For example, if you spend $500,000 developing, marketing, and maintaining a freemium version of your product that ends up converting 50,000 of its users into paying customers, your CAC is $10 per customer. Whether or not that is low enough to justify the freemium app’s expenses depends on the next metric in our list: customer lifetime value.

Customer Lifetime Value (CLV or LTV)

Customer lifetime value (CLV), which is also known as simply lifetime value (or LTV) is a measure of the average value that a single customer offers your company over the entire course of their relationship with your business. CLV, therefore, includes both the price that a new customer pays for an initial product as well as any upgrades, subscriptions, or additional products that they purchase from that point forward.

For PLG companies, CLV is an important metric to balance against customer acquisition cost. If the average cost of attracting a new customer is lower than that customer’s lifetime value, then the expense of your PLG strategy is justified.

Time to Value (TTV)

We’ve mentioned time to value already and the important role it plays in preventing churn and boosting customer retention. To reiterate, TTV is how long it takes a customer to realize and achieve value from your product. Having a low TTV leads to better customer retention and a more streamlined onboarding process.

To determine the TTV for your product, you first need to have an in-depth understanding of what your customers perceive as valuable. Once you have identified the value or benefit that customers want from your product, you then need to determine the point in the user journey where this valuation is realized.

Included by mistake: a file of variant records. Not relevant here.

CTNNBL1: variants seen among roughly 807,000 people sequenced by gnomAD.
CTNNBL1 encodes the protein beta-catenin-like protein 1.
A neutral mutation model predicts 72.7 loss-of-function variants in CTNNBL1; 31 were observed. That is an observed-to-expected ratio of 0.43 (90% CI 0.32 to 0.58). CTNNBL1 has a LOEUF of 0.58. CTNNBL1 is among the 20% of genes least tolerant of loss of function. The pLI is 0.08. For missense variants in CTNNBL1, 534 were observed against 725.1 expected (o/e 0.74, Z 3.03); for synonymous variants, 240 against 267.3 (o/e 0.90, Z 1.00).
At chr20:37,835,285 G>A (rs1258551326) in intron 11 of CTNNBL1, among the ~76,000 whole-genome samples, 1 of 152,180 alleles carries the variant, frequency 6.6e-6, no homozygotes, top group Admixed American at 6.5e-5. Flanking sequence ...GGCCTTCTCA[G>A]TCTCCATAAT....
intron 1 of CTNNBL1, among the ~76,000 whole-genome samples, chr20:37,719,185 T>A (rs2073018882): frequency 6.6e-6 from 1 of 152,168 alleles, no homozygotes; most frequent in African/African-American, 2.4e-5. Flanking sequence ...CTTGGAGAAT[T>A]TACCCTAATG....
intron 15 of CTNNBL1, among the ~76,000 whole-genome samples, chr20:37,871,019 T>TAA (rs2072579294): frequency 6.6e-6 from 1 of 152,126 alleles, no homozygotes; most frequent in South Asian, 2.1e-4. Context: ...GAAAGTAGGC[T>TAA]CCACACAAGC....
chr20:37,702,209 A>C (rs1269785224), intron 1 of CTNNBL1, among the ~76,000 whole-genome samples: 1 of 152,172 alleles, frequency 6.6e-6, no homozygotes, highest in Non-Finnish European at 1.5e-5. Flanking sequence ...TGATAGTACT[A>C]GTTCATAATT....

Keep in mind that while PLG can help you lower your time to value, a PLG strategy only works well if your TTV is low to begin with. If it takes customers too long to realize value from your free trial or freemium product, you will have far fewer conversions.

Free-to-Paid Conversion Rate

Arguably the most important product-led growth metric of all, free-to-paid conversion rate tells you the rate at which freemium customers upgrade to paid versions and add-ons. The higher this conversion rate is, the more profits your company generates.

The free-to-paid conversion rate benchmarks that you should aim for depends on the specific PLG model that you employ. According to HubSpot, the average free-to-paid conversion rate for freemium products is between 2%-5%. The average conversion rate for free trials that require a credit card to sign up, meanwhile, is around 30%.

If you use these numbers to decide which model is best for your business, keep in mind that free trial signups that require a credit card tend to come at a much lower rate than freemium downloads. Frustrated by difficult cancellation processes, many customers are now wary about signing up for any free trial that automatically bills their card once the trial is over.

Product-Led Growth vs. Customer-Led Growth

Customer-led growth is a business model that uses customer feedback to qualify and define customer value. In other words, customer-led growth puts the customers and their feedback at the core of everything a company does.

With customer-led growth, the goal is to collect quality user feedback and use that feedback to guide product development, sales strategy, and the overall growth and direction of your company. Whereas product-led growth puts the product at center stage, it’s the end user that gets all the attention in a customer-led growth model.

Choosing between the two doesn’t have to be an either/or decision. In fact, product-led growth and customer-led growth can complement each other nicely in a variety of ways. For example, offering a freemium version of your product can help you collect the user feedback you need to drive a customer-led growth strategy. The insights collected from a customer-led growth strategy can help you develop freemium products and free trial offerings that are more appealing to your target users.

Examples of Brands Using Product-Led Growth